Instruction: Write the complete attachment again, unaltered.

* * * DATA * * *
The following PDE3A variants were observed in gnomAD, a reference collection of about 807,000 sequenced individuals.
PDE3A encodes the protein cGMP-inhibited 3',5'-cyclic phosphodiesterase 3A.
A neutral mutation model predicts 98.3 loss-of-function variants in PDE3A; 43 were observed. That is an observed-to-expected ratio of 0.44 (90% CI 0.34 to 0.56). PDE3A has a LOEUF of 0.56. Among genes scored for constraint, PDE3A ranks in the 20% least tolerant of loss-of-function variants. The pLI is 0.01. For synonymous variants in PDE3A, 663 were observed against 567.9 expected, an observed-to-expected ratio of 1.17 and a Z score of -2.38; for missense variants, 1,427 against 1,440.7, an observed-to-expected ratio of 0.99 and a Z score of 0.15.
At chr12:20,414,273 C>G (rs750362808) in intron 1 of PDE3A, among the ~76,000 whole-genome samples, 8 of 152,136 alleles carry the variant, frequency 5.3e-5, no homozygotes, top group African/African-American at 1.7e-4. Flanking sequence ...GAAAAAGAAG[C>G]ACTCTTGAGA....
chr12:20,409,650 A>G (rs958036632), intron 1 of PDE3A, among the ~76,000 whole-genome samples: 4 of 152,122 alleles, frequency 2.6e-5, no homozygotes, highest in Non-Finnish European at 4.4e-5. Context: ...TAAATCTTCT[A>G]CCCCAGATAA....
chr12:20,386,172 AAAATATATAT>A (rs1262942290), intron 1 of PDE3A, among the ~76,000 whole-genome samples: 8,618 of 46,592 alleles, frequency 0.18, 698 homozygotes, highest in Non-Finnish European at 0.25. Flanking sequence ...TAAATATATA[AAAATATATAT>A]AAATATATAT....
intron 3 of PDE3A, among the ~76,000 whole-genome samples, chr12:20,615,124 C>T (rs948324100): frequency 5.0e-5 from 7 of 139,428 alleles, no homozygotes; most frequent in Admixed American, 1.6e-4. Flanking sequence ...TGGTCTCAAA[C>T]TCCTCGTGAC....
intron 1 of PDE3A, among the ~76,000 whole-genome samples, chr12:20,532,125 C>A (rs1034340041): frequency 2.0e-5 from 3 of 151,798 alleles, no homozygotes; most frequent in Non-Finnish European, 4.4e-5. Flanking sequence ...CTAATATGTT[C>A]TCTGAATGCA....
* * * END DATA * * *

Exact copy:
The following PDE3A variants were observed in gnomAD, a reference collection of about 807,000 sequenced individuals.
PDE3A encodes the protein cGMP-inhibited 3',5'-cyclic phosphodiesterase 3A.
A neutral mutation model predicts 98.3 loss-of-function variants in PDE3A; 43 were observed. That is an observed-to-expected ratio of 0.44 (90% CI 0.34 to 0.56). PDE3A has a LOEUF of 0.56. Among genes scored for constraint, PDE3A ranks in the 20% least tolerant of loss-of-function variants. The pLI is 0.01. For synonymous variants in PDE3A, 663 were observed against 567.9 expected, an observed-to-expected ratio of 1.17 and a Z score of -2.38; for missense variants, 1,427 against 1,440.7, an observed-to-expected ratio of 0.99 and a Z score of 0.15.
At chr12:20,414,273 C>G (rs750362808) in intron 1 of PDE3A, among the ~76,000 whole-genome samples, 8 of 152,136 alleles carry the variant, frequency 5.3e-5, no homozygotes, top group African/African-American at 1.7e-4. Flanking sequence ...GAAAAAGAAG[C>G]ACTCTTGAGA....
chr12:20,409,650 A>G (rs958036632), intron 1 of PDE3A, among the ~76,000 whole-genome samples: 4 of 152,122 alleles, frequency 2.6e-5, no homozygotes, highest in Non-Finnish European at 4.4e-5. Context: ...TAAATCTTCT[A>G]CCCCAGATAA....
chr12:20,386,172 AAAATATATAT>A (rs1262942290), intron 1 of PDE3A, among the ~76,000 whole-genome samples: 8,618 of 46,592 alleles, frequency 0.18, 698 homozygotes, highest in Non-Finnish European at 0.25. Flanking sequence ...TAAATATATA[AAAATATATAT>A]AAATATATAT....
intron 3 of PDE3A, among the ~76,000 whole-genome samples, chr12:20,615,124 C>T (rs948324100): frequency 5.0e-5 from 7 of 139,428 alleles, no homozygotes; most frequent in Admixed American, 1.6e-4. Flanking sequence ...TGGTCTCAAA[C>T]TCCTCGTGAC....
intron 1 of PDE3A, among the ~76,000 whole-genome samples, chr12:20,532,125 C>A (rs1034340041): frequency 2.0e-5 from 3 of 151,798 alleles, no homozygotes; most frequent in Non-Finnish European, 4.4e-5. Flanking sequence ...CTAATATGTT[C>A]TCTGAATGCA....